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Comment Re:Who cares about some damage to a few cars... (Score 1) 375

I think you have those two words defined exactly backwards.

No, he has it almost exactly correct. Soil is a mixture of minerals, water, air, and organic material (e.g. organisms, living and dead). Soil develops over long periods of time, and lies in layers (horizons), each with its own composition and properties. Soil is alive and in situ---it has history and context. Dirt, on the other hand, is what you track into the house after playing in the soil.

Comment Re:Crap coffee meets crap payment system (Score 1) 145

I don't doubt that Starbucks provides a service that people are willing to pay for, any more than I don't doubt that PBR profitable product that people are willing to pay for. I was replying to the idea that Starbucks provided better-than-average coffee, which, as I pointed out down-thread, seems to have been a reading comprehension fail on my part.

Comment Re:Crap coffee meets crap payment system (Score 2) 145

A brand becomes popular because it offers something that people want. Quality is only one possible metric out of many. To say that Starbucks is popular, therefore they must sell better-than-average-coffee, is a fallacy. Personally, I would hazard to guess that Starbucks is popular because it is fast and consistent (i.e. I can get the same slightly burned cup of coffee at any Starbucks in the world).

That being said, I just reread the original post to which I relied, and it seems that the poster was taking this into account (he said that they do a better than average job, rather than saying that they serve a better than average cup of coffee, which is how I read it originally). Reading comprehension fail on my part.

Comment Re:Better than average (Score 2) 145

Regarding McDonalds fries, I suppose that is a matter of taste. I prefer a thicker cut fry. That still doesn't change the fact that the product that McDonalds is best known for---their bugers---are mediocre to terrible. As you rightly point out, McDonalds is not competing on quality, but on price and speed. There are many places where I could get a better burger (and better fries, too), but I am going to have to pay more or wait longer (or both).

Regarding Taco Bell, you have once again made my point for me. I can go to a real Mexican restaurant and get a great taco, but it will likely cost me more than a Taco Bell taco. You buy a taco at Taco Bell not because you want a high quality meal, but because you want a fast, cheap meal.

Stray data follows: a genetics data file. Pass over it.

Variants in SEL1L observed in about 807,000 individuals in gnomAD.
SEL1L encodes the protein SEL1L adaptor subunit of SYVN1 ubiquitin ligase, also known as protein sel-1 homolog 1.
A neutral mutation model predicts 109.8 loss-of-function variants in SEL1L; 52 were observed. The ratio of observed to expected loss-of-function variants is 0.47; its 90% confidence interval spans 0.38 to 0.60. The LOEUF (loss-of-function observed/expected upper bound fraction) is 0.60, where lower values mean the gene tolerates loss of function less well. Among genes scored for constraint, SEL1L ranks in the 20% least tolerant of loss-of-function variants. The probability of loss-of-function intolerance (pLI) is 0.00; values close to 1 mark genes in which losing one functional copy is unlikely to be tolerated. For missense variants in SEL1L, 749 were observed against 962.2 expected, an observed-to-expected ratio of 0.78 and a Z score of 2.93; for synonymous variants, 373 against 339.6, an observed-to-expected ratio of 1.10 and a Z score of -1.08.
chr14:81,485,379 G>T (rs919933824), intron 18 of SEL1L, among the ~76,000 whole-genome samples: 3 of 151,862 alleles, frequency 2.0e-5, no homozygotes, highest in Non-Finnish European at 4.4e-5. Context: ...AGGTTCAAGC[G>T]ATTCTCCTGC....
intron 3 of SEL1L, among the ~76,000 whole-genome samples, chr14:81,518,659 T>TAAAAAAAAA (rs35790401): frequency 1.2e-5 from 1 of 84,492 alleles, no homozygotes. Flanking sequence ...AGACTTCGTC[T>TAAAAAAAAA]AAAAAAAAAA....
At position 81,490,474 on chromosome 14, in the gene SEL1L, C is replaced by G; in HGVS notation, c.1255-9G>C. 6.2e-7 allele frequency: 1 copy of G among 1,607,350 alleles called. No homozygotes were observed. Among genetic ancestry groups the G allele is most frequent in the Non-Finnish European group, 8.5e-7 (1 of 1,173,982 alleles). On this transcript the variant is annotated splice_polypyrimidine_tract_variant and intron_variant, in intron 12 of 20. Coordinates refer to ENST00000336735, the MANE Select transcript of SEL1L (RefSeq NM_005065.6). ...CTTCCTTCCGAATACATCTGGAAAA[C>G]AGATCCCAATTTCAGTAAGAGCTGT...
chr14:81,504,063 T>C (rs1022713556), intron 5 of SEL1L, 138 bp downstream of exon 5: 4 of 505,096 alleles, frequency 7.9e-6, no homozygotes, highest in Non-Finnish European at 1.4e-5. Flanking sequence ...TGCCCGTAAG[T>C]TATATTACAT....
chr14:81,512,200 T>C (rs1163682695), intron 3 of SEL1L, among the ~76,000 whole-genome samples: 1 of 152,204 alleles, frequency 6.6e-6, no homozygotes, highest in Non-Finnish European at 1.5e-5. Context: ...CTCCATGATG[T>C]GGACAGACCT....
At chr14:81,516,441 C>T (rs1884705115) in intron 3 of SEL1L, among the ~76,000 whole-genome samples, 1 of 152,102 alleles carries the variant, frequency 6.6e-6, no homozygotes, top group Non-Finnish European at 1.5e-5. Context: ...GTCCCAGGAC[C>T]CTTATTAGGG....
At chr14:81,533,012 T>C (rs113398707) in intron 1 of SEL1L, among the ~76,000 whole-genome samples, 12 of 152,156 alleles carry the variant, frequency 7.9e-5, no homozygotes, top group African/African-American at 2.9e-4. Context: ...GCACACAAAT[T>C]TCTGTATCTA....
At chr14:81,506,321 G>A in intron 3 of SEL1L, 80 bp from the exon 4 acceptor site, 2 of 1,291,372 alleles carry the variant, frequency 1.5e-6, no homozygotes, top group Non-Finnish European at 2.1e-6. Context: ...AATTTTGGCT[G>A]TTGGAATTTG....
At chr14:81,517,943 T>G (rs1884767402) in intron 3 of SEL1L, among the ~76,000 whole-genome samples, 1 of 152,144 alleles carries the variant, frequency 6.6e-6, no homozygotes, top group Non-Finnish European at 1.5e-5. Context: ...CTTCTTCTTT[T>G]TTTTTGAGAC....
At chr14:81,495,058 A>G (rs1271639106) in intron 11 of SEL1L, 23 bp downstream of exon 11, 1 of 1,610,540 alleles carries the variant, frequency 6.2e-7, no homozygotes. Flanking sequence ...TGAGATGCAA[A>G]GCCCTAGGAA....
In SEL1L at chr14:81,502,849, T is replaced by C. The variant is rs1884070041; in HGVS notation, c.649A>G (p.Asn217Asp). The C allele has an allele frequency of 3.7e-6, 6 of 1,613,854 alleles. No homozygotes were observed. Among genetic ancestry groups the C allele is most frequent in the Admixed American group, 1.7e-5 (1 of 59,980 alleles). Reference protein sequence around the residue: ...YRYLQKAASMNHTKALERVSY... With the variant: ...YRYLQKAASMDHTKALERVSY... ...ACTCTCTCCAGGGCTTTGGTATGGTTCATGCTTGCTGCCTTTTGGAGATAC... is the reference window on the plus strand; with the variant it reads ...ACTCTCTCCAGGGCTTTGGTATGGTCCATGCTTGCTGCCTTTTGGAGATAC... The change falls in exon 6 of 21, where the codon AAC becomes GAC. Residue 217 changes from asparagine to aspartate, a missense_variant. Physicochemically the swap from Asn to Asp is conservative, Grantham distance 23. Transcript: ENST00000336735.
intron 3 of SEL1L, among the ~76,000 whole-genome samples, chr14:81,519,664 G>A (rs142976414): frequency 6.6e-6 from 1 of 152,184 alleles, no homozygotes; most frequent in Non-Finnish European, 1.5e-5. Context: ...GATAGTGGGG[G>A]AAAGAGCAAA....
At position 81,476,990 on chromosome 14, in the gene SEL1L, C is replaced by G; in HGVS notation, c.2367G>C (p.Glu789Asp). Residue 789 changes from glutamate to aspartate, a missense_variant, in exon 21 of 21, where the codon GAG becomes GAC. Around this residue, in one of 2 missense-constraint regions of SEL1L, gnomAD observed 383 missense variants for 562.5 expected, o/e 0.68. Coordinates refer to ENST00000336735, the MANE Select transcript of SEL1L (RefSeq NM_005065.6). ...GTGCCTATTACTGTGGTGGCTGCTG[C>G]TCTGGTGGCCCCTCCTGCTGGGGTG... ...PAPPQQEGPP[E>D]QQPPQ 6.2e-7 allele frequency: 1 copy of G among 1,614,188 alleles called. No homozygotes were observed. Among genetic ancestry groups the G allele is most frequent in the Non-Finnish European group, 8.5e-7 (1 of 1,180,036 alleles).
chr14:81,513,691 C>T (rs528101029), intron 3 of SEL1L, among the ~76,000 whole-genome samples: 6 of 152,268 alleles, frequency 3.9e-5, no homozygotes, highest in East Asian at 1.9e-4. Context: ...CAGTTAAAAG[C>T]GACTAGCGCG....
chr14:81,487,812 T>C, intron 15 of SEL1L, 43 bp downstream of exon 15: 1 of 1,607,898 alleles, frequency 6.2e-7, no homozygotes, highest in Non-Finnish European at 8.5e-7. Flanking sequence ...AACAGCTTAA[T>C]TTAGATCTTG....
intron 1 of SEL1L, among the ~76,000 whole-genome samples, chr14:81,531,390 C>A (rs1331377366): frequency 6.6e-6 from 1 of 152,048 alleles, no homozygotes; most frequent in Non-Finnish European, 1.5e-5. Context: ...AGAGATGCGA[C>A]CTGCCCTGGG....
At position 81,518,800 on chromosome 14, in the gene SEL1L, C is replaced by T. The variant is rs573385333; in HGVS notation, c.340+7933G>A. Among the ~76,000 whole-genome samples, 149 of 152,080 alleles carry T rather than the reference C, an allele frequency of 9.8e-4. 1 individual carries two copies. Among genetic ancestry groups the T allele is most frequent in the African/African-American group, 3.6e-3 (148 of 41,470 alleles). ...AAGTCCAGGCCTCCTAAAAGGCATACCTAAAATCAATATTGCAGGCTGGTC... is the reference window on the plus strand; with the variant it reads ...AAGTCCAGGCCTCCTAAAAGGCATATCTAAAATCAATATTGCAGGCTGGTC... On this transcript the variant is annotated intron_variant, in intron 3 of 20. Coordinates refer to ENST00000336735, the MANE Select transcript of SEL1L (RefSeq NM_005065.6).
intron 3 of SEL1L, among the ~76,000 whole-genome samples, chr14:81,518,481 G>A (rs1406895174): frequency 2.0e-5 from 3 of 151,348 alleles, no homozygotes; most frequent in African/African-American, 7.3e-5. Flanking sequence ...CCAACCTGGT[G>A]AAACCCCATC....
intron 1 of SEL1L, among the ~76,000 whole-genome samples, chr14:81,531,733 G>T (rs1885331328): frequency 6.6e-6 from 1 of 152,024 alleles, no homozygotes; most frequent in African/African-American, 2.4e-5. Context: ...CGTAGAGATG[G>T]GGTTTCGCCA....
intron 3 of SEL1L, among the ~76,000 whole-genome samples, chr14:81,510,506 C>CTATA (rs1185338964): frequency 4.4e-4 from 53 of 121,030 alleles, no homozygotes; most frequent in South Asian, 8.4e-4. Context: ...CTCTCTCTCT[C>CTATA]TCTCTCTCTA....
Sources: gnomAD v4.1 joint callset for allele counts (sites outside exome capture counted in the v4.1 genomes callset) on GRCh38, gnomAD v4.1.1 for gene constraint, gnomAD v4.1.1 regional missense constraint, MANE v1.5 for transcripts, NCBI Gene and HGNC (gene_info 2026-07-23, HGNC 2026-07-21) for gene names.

Comment Re:The true enemy... (Score 1) 1706

Two points:

  1. People dying in collisions resulting from drunk driving is a problem. One possible solution is to ban alcohol. That was tried, and failed. However, that is not the only solution, and you will note that many people are clamoring for harsher penalties for drunk driving, stronger enforcement, and technological solutions (breathalyser activated ignition systems, self-driving cars, and so on). Most people are capable of seeing beyond the black and white of everything goes versus prohibition.
  2. Among those advocating stronger gun control, the most common view, by far, is not an outright ban of all firearms. There are a few on the lunatic fringe who would probably make such an argument, but they are not representative of the majority in the same way that the few lunatics arguing that anyone ought to be allowed to build a nuke are not representative of the majority. Basically, no one is arguing that we should "BAN GUNS." The argument is more nuanced than that.

Comment Re:Donation? (Score 1) 341

As far as I can tell, you can give this guy as much or as little as you like, and get the binaries. On his ask page, he allows one to donate at certain monthly thresholds, and provides a link to PayPal for one-time contributions. At any amount, you are entitled to the perks or rewards offered on that page. You make a DONATION, and you get a perk. His usage of the word is entirely consistent with the way that the rest of the English speaking world uses the word. You can argue until you are blue in the face that this does not meet the dictionary definition of "donatation," but it is entirely consistent with the way that NPR, public museums, and many other institutions use the word.

I would also note that this is entirely irrelevant to your example of buying a soda at 7-11. Donations are gifts given to charities. One could argue that is not a charitable organization (in which case I would agree that this is not a donation, but that isn't the argument that you have been making), but you would have to stretch the notion to its breaking point to include 7-11 as a charity.

Comment Re:I know this won't be a popular sentiment, but.. (Score 2) 198

I can't tell if you are trying to be funny or not, but the US national anthem is the "Star Spangled Banner." The lyrics are from a poem by Francis Scott Key. These lyrics, written during the War of 1812, were eventually matched to the English drinking song "To Anacreon in Heaven."

On the other hand the English (UK) don't have an official national anthem. "God Save the King/Queen" is probably the closest approximation. While the origin of the lyrics and tune are not known, it probably dates back to the 17th century and is likely based on church music of the time. The tune is the same as that used in "America" (i.e. the song beginning "My country, 'tis of thee..."), which may explain your apparent confusion.

Comment Re:Donation? (Score 1) 341

A "donation" is a gift given to a charity. There is nothing in the dictionary definition or common usage of the word "donation" that suggests that it cannot be rewarded with some incentive (i.e. a mug or source code). You are free to argue that such a donation is not, in fact, a donation, but you are making a purely semantic argument that has already been lost.

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